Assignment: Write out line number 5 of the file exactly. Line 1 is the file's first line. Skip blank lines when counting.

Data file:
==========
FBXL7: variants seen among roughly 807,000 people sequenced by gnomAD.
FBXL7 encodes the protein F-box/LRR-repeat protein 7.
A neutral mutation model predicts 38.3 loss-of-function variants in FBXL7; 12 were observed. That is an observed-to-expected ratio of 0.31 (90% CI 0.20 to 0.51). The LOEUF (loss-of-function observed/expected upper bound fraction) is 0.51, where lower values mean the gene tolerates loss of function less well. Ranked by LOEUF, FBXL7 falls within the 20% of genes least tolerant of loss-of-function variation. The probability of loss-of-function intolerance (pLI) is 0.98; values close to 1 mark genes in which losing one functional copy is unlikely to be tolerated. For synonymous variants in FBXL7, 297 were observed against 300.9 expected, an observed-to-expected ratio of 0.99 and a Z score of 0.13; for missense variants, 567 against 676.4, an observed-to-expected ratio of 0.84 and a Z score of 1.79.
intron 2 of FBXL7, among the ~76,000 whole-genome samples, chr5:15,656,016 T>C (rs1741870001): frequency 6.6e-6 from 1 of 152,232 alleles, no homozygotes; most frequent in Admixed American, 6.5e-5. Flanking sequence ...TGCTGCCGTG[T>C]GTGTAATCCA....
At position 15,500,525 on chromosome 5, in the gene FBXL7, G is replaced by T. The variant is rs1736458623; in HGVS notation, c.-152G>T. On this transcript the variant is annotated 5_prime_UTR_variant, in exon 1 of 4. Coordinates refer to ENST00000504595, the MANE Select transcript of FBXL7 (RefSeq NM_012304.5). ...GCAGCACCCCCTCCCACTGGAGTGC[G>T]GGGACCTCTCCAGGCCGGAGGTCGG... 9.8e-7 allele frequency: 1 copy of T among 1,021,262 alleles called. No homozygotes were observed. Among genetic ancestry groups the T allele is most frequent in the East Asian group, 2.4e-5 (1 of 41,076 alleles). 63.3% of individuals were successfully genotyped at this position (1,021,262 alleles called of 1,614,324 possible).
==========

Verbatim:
At position 15,500,525 on chromosome 5, in the gene FBXL7, G is replaced by T. The variant is rs1736458623; in HGVS notation, c.-152G>T. On this transcript the variant is annotated 5_prime_UTR_variant, in exon 1 of 4. Coordinates refer to ENST00000504595, the MANE Select transcript of FBXL7 (RefSeq NM_012304.5). ...GCAGCACCCCCTCCCACTGGAGTGC[G>T]GGGACCTCTCCAGGCCGGAGGTCGG... 9.8e-7 allele frequency: 1 copy of T among 1,021,262 alleles called. No homozygotes were observed. Among genetic ancestry groups the T allele is most frequent in the East Asian group, 2.4e-5 (1 of 41,076 alleles). 63.3% of individuals were successfully genotyped at this position (1,021,262 alleles called of 1,614,324 possible).